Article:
In many trials, particularly those that involve complex medical or scientific evidence, parties will hire expert witnesses to testify. Expert witnesses are professionals who are deemed by the court to have “expert” experience in a particular field. Some expert witnesses only rarely appear in court, but most are professional experts, which is to say that the majority of their income comes not through the practice of their profession, but through testimony and appearance fees. There are whole networks of experts willing to testify in trials. The process of choosing one is known as “expert shopping.”
Expert shopping begins with an identification of the type of expert witness that is needed. The main goal in having an expert witness testify is to allow the court to hear a professional opinion on the facts. Expert witnesses are common in medical malpractice cases and product liability cases, where the facts are so complicated and nuanced that a judge or jury could not be expected to understand them independently. Some experts present on non-scientific topics like politics, news media, or standard business practices, usually in cases where something has gone wrong. The expert’s job is to identify what is common and generally accepted in the industry.
The next step in expert shopping is an evaluation of the available experts’ credentials. Both sides in lawsuits, the prosecution and the defense, are permitted to question any expert witness who testifies. It is therefore important that the expert who is ultimately selected is truly knowledgeable. An expert whose professional experience or credibility is debunked by the opposition is not generally effective.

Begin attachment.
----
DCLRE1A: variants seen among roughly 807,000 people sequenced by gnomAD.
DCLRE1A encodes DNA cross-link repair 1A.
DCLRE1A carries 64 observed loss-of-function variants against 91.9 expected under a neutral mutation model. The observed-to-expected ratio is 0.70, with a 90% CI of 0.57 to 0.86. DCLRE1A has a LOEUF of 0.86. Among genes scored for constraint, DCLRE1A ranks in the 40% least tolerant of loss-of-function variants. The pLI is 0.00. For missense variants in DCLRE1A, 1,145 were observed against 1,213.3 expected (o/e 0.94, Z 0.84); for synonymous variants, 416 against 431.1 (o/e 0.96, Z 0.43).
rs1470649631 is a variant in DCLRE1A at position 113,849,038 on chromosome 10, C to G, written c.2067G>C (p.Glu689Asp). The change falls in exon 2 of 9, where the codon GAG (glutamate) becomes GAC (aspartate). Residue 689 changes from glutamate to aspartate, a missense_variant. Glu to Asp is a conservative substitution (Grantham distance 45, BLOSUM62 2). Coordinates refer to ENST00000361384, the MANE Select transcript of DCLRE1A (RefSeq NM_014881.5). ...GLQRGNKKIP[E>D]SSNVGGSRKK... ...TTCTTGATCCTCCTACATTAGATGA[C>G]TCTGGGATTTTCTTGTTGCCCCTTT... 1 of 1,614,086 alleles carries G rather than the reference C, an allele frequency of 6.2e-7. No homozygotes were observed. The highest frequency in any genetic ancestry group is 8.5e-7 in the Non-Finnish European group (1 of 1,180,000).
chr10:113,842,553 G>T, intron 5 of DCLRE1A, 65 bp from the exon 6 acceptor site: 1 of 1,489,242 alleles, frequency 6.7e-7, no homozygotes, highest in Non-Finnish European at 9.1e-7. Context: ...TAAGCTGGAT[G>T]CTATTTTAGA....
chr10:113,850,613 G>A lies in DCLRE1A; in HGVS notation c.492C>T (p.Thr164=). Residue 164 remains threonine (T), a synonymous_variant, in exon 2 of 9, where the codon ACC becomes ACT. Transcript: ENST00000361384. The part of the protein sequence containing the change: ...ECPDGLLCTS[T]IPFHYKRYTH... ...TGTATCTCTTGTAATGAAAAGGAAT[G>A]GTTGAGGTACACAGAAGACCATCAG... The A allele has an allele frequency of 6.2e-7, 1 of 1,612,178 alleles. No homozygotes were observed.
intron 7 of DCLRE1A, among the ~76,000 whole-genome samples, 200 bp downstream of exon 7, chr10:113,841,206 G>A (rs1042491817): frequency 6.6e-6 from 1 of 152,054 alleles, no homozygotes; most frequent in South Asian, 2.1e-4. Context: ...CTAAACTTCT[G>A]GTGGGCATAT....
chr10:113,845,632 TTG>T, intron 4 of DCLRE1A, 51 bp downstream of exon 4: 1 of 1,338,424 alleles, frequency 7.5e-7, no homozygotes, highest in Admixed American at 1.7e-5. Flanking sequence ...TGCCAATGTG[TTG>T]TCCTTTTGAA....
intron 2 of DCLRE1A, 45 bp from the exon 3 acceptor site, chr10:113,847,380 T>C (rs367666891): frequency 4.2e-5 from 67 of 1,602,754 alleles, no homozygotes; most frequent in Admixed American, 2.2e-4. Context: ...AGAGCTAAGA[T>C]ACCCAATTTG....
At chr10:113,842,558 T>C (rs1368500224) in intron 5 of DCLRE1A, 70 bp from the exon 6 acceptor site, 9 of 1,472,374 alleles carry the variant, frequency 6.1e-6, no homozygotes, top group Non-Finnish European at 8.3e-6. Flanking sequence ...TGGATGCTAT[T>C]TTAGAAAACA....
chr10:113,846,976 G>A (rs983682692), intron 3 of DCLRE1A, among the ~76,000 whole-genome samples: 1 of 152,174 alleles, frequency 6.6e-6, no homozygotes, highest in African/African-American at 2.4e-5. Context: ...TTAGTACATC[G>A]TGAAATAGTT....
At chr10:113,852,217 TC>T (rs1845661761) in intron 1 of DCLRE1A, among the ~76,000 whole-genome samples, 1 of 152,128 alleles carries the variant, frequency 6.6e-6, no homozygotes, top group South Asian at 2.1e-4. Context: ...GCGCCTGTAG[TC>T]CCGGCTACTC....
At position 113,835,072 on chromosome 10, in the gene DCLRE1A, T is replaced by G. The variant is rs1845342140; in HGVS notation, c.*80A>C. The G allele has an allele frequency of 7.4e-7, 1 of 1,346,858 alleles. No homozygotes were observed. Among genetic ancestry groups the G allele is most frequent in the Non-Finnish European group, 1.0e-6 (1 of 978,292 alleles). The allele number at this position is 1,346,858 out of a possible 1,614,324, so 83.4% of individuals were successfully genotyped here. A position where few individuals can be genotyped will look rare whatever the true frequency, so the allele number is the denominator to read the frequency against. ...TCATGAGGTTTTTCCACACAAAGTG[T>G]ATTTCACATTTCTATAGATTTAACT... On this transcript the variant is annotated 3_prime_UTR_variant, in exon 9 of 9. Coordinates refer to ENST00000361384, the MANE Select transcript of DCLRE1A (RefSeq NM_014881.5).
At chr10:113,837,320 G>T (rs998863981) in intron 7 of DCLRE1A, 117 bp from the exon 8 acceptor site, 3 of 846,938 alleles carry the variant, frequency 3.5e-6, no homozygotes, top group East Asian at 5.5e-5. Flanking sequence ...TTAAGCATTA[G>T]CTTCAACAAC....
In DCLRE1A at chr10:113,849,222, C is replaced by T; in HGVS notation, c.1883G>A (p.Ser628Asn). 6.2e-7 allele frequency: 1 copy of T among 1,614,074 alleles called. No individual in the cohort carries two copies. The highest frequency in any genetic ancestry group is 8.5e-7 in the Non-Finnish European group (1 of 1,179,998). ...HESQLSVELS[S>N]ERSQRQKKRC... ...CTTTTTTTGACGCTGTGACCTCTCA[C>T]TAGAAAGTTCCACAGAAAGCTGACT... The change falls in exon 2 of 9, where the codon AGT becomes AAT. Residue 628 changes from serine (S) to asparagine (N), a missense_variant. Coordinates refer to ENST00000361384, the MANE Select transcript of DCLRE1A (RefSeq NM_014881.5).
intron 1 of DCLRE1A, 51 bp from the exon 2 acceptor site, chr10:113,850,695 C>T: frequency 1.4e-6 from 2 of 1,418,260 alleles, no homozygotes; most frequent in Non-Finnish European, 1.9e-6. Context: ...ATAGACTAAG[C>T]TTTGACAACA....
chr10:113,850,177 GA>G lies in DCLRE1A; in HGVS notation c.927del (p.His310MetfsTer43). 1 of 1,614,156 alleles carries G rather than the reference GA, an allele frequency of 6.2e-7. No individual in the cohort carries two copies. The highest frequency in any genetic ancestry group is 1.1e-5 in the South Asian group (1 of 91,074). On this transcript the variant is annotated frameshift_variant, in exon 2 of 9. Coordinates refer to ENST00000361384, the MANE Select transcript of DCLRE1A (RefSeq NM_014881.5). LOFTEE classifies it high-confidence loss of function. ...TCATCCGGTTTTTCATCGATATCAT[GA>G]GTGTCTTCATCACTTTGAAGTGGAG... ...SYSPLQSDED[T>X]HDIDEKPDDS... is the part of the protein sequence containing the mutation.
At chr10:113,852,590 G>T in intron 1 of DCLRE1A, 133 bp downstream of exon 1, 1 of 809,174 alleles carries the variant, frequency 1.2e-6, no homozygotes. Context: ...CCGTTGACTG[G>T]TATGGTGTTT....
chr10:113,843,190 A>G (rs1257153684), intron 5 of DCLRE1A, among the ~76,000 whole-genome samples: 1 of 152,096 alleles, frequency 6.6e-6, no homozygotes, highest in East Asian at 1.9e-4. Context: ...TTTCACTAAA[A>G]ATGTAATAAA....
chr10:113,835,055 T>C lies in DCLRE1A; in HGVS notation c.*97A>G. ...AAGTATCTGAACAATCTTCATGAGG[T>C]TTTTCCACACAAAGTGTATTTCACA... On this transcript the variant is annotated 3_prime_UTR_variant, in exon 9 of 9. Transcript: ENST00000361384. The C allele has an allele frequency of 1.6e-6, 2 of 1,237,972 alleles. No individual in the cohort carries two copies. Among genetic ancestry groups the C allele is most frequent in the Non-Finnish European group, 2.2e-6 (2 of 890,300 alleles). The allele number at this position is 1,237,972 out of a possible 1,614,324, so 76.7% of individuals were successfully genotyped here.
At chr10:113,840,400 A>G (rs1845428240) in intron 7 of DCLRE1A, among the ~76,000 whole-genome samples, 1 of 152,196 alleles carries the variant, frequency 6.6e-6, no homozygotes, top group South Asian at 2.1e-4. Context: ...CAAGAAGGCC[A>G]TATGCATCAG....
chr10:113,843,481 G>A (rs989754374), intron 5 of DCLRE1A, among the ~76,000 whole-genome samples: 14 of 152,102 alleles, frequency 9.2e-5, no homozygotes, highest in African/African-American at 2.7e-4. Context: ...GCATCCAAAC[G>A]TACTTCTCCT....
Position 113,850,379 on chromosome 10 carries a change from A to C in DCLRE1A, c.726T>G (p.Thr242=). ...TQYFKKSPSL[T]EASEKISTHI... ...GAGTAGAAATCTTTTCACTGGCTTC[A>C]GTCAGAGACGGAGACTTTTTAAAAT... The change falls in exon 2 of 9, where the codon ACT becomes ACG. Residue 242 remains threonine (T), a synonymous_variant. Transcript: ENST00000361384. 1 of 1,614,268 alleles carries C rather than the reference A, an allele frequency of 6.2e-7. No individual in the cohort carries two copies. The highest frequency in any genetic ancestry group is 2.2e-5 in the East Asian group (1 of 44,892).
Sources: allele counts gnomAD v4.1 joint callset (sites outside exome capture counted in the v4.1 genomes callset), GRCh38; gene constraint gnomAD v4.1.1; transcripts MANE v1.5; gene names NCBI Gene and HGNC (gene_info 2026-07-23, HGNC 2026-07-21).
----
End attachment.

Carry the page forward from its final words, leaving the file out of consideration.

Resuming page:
Lawyers who are engaging in expert shopping usually have several tactics for choosing a witness. They may begin by evaluating witnesses’ professional backgrounds, looking for length of time on the job and accolades won. Training and education are also important. Because part of an expert’s job is to credibly present evidence, demeanor and professionalism are often important things lawyers look for, too.
Expert shopping often involves interviews, sample questions, and price negotiations. In very high-profile cases, test screenings and mock trials are sometimes part of the expert shopping process. Prospective experts will be presented to a panel of test subjects brought in by a law firm, and the expert with the highest scores on presentation and ability to provide convincing testimony are likely to be the ones hired.
Expert shopping is an accepted part of the expert witness selection process. Expert witnesses are permitted under the evidence laws of most trial systems around the world, but this does not mean that the practice is without its opponents. While experts can serve an important educational role, the commercialization of the expert selection and payment process has led to a significant body of criticism. Experts who derive the bulk of their income from witness fees are typically the most controversial.